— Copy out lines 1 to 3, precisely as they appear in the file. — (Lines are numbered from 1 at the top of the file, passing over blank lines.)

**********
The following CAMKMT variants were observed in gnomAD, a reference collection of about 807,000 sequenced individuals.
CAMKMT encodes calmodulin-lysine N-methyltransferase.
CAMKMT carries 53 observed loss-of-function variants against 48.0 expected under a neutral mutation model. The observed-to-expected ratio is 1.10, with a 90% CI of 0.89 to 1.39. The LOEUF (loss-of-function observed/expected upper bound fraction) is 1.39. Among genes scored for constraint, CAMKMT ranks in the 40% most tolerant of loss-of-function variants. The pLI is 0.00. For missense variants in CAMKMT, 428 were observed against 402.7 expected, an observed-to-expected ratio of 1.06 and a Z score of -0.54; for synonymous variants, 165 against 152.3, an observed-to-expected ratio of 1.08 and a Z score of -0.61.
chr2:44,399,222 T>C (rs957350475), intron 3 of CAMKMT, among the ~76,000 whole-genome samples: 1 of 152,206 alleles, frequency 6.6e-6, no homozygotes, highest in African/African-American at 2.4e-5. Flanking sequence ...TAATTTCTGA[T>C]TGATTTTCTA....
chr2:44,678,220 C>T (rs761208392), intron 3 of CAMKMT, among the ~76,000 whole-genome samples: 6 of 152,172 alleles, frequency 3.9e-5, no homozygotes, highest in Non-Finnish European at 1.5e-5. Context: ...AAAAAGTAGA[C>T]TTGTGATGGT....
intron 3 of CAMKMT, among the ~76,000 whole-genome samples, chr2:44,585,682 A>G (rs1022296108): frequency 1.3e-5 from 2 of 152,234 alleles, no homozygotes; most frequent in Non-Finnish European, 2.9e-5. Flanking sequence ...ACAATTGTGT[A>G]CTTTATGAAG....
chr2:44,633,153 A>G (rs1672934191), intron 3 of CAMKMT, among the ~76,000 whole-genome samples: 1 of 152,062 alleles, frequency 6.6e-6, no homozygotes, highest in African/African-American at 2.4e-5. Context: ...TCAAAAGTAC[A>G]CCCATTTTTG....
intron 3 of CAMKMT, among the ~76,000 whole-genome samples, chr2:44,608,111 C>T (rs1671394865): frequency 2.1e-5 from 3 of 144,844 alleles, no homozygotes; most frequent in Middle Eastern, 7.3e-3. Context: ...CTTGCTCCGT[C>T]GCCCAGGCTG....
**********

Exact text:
The following CAMKMT variants were observed in gnomAD, a reference collection of about 807,000 sequenced individuals.
CAMKMT encodes calmodulin-lysine N-methyltransferase.
CAMKMT carries 53 observed loss-of-function variants against 48.0 expected under a neutral mutation model. The observed-to-expected ratio is 1.10, with a 90% CI of 0.89 to 1.39. The LOEUF (loss-of-function observed/expected upper bound fraction) is 1.39. Among genes scored for constraint, CAMKMT ranks in the 40% most tolerant of loss-of-function variants. The pLI is 0.00. For missense variants in CAMKMT, 428 were observed against 402.7 expected, an observed-to-expected ratio of 1.06 and a Z score of -0.54; for synonymous variants, 165 against 152.3, an observed-to-expected ratio of 1.08 and a Z score of -0.61.